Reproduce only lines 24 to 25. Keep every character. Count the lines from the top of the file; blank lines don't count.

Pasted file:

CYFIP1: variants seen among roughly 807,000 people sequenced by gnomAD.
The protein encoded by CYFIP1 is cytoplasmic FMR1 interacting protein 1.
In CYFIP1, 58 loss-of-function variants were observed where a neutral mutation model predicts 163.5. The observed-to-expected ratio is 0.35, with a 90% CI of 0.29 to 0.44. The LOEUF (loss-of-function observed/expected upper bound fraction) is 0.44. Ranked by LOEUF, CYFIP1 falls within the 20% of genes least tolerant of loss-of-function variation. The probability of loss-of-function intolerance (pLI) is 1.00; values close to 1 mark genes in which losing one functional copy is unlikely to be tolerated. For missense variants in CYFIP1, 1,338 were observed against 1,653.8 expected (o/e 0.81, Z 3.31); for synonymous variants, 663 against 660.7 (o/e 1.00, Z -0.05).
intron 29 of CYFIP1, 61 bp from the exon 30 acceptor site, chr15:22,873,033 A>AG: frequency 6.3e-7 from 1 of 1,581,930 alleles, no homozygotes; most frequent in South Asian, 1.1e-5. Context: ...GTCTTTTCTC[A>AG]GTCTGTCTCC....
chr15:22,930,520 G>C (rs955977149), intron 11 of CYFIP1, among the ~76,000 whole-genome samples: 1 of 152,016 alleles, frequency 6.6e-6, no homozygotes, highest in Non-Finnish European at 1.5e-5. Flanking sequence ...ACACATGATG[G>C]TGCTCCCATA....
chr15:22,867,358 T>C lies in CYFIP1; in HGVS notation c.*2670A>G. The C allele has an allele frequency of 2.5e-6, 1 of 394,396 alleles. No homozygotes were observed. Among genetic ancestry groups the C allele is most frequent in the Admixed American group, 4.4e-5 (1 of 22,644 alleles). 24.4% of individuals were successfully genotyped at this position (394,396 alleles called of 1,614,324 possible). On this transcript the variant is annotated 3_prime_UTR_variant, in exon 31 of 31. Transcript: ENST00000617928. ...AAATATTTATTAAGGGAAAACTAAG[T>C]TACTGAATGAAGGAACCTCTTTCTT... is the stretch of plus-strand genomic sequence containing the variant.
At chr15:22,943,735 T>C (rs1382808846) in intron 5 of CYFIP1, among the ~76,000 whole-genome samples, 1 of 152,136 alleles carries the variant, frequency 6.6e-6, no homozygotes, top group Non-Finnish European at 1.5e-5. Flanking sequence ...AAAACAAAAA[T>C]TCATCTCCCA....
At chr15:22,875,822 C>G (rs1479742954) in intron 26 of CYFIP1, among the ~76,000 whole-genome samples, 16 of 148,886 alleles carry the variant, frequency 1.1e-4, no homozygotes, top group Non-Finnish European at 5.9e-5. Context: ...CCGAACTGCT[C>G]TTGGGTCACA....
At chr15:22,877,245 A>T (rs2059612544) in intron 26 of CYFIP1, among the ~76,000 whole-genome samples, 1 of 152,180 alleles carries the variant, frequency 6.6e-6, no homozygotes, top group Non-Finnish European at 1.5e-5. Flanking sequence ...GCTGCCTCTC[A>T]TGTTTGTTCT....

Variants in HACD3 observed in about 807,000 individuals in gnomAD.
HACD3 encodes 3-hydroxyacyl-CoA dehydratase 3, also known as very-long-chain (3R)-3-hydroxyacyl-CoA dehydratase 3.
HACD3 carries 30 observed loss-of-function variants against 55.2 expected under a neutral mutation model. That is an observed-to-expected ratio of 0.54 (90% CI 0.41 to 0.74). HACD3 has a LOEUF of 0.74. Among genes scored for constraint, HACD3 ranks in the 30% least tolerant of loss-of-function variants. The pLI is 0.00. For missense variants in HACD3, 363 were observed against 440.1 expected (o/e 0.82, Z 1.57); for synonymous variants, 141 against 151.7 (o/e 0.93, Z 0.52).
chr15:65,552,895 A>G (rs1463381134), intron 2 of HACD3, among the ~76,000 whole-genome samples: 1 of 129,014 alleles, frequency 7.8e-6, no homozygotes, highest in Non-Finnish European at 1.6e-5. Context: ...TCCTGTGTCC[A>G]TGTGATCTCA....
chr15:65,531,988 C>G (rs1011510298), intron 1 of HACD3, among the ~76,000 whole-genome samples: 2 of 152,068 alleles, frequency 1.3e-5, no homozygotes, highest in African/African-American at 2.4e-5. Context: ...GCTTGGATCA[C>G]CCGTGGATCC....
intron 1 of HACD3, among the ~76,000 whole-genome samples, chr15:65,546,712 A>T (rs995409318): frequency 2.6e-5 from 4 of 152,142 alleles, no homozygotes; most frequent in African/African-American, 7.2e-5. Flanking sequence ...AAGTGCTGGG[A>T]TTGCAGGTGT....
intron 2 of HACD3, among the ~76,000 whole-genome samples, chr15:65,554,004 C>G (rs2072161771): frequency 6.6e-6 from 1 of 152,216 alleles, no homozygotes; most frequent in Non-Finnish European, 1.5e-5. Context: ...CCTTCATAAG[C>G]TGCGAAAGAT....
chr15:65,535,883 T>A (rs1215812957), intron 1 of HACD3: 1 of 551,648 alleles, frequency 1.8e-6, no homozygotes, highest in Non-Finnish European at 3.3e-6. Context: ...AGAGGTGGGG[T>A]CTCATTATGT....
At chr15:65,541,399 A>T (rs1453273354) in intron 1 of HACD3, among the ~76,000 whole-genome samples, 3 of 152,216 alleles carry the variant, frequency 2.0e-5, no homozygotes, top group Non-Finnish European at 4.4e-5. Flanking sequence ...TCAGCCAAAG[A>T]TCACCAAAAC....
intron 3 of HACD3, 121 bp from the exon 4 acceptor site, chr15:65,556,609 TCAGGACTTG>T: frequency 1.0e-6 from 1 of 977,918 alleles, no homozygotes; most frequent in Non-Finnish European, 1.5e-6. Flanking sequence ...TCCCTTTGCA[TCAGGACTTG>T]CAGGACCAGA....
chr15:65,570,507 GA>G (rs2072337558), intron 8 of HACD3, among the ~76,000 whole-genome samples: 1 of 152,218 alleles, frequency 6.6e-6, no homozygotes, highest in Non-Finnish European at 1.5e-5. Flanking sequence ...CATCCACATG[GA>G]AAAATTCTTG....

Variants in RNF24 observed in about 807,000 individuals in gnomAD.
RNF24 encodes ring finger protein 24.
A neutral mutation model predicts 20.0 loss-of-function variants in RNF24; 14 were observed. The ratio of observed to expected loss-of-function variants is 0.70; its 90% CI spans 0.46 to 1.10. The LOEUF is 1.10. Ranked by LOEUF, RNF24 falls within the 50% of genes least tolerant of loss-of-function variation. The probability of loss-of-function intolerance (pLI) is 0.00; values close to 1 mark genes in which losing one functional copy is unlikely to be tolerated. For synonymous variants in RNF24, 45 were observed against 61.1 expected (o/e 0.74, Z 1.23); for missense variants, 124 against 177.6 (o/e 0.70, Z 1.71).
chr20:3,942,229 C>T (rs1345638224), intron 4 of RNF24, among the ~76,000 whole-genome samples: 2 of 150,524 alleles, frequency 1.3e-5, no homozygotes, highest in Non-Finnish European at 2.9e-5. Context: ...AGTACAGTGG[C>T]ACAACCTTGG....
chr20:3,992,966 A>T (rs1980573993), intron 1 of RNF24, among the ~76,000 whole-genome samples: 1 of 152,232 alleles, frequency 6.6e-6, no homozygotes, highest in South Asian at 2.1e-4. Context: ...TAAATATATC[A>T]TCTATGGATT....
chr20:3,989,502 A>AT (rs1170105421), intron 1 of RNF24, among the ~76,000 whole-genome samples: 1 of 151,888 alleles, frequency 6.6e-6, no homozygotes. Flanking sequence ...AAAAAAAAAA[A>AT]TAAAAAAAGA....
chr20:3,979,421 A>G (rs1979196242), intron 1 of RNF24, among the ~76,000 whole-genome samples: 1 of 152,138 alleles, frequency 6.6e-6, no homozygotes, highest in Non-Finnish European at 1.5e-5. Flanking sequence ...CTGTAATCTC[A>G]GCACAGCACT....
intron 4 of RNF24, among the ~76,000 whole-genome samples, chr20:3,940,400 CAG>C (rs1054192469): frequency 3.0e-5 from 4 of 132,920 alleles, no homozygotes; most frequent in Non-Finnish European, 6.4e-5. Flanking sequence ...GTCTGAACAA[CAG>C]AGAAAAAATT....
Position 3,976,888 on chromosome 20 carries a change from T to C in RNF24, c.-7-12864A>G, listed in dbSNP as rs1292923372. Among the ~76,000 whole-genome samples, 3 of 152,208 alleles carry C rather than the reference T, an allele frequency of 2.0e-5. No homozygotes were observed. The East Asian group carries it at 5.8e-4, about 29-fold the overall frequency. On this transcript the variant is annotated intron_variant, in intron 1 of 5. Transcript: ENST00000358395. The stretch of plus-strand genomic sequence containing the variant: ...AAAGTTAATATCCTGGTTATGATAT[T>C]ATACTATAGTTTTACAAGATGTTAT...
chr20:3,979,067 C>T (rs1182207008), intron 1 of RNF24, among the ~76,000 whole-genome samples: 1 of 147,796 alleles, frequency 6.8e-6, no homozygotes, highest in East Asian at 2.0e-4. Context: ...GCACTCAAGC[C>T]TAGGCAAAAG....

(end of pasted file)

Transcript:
chr20:3,942,229 C>T (rs1345638224), intron 4 of RNF24, among the ~76,000 whole-genome samples: 2 of 150,524 alleles, frequency 1.3e-5, no homozygotes, highest in Non-Finnish European at 2.9e-5. Context: ...AGTACAGTGG[C>T]ACAACCTTGG....
chr20:3,992,966 A>T (rs1980573993), intron 1 of RNF24, among the ~76,000 whole-genome samples: 1 of 152,232 alleles, frequency 6.6e-6, no homozygotes, highest in South Asian at 2.1e-4. Context: ...TAAATATATC[A>T]TCTATGGATT....